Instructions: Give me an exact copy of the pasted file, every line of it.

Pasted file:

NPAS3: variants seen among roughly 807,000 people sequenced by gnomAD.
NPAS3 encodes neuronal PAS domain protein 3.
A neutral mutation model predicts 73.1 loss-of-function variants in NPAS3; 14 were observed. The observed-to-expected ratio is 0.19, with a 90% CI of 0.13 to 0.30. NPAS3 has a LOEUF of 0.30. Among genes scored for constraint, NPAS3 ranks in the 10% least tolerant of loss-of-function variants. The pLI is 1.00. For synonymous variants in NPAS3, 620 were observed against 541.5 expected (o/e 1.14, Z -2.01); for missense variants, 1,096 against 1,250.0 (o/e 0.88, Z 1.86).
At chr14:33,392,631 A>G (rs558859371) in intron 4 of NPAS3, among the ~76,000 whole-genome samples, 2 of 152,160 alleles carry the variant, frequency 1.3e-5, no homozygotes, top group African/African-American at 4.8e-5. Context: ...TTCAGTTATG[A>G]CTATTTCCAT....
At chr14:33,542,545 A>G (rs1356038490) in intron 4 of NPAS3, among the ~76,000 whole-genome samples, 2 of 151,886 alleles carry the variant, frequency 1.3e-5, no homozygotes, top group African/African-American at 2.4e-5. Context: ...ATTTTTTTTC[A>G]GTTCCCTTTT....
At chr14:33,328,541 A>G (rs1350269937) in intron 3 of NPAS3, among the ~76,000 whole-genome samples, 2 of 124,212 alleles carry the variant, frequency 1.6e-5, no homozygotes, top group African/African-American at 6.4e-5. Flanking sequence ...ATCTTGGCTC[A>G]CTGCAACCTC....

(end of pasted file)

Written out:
NPAS3: variants seen among roughly 807,000 people sequenced by gnomAD.
NPAS3 encodes neuronal PAS domain protein 3.
A neutral mutation model predicts 73.1 loss-of-function variants in NPAS3; 14 were observed. The observed-to-expected ratio is 0.19, with a 90% CI of 0.13 to 0.30. NPAS3 has a LOEUF of 0.30. Among genes scored for constraint, NPAS3 ranks in the 10% least tolerant of loss-of-function variants. The pLI is 1.00. For synonymous variants in NPAS3, 620 were observed against 541.5 expected (o/e 1.14, Z -2.01); for missense variants, 1,096 against 1,250.0 (o/e 0.88, Z 1.86).
At chr14:33,392,631 A>G (rs558859371) in intron 4 of NPAS3, among the ~76,000 whole-genome samples, 2 of 152,160 alleles carry the variant, frequency 1.3e-5, no homozygotes, top group African/African-American at 4.8e-5. Context: ...TTCAGTTATG[A>G]CTATTTCCAT....
At chr14:33,542,545 A>G (rs1356038490) in intron 4 of NPAS3, among the ~76,000 whole-genome samples, 2 of 151,886 alleles carry the variant, frequency 1.3e-5, no homozygotes, top group African/African-American at 2.4e-5. Context: ...ATTTTTTTTC[A>G]GTTCCCTTTT....
At chr14:33,328,541 A>G (rs1350269937) in intron 3 of NPAS3, among the ~76,000 whole-genome samples, 2 of 124,212 alleles carry the variant, frequency 1.6e-5, no homozygotes, top group African/African-American at 6.4e-5. Flanking sequence ...ATCTTGGCTC[A>G]CTGCAACCTC....